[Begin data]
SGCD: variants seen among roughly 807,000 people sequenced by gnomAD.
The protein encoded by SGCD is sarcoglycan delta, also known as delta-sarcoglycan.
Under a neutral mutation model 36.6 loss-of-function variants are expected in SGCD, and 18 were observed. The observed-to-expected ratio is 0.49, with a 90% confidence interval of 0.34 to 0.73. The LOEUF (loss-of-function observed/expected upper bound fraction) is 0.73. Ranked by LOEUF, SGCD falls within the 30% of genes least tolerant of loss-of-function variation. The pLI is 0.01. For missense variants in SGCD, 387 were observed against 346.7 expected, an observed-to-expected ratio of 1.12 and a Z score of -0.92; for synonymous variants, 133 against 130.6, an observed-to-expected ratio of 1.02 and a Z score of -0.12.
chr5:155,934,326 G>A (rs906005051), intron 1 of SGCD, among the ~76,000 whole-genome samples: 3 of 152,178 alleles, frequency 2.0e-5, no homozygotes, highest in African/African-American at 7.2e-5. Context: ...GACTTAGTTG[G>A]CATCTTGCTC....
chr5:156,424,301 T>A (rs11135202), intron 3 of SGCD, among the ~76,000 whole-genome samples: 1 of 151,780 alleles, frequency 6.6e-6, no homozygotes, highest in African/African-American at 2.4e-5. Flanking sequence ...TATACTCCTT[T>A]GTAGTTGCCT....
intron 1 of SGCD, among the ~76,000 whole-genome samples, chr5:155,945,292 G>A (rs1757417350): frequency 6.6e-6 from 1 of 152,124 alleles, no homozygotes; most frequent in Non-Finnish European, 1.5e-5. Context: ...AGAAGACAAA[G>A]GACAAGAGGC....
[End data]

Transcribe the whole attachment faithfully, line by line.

SGCD: variants seen among roughly 807,000 people sequenced by gnomAD.
The protein encoded by SGCD is sarcoglycan delta, also known as delta-sarcoglycan.
Under a neutral mutation model 36.6 loss-of-function variants are expected in SGCD, and 18 were observed. The observed-to-expected ratio is 0.49, with a 90% confidence interval of 0.34 to 0.73. The LOEUF (loss-of-function observed/expected upper bound fraction) is 0.73. Ranked by LOEUF, SGCD falls within the 30% of genes least tolerant of loss-of-function variation. The pLI is 0.01. For missense variants in SGCD, 387 were observed against 346.7 expected, an observed-to-expected ratio of 1.12 and a Z score of -0.92; for synonymous variants, 133 against 130.6, an observed-to-expected ratio of 1.02 and a Z score of -0.12.
chr5:155,934,326 G>A (rs906005051), intron 1 of SGCD, among the ~76,000 whole-genome samples: 3 of 152,178 alleles, frequency 2.0e-5, no homozygotes, highest in African/African-American at 7.2e-5. Context: ...GACTTAGTTG[G>A]CATCTTGCTC....
chr5:156,424,301 T>A (rs11135202), intron 3 of SGCD, among the ~76,000 whole-genome samples: 1 of 151,780 alleles, frequency 6.6e-6, no homozygotes, highest in African/African-American at 2.4e-5. Flanking sequence ...TATACTCCTT[T>A]GTAGTTGCCT....
intron 1 of SGCD, among the ~76,000 whole-genome samples, chr5:155,945,292 G>A (rs1757417350): frequency 6.6e-6 from 1 of 152,124 alleles, no homozygotes; most frequent in Non-Finnish European, 1.5e-5. Context: ...AGAAGACAAA[G>A]GACAAGAGGC....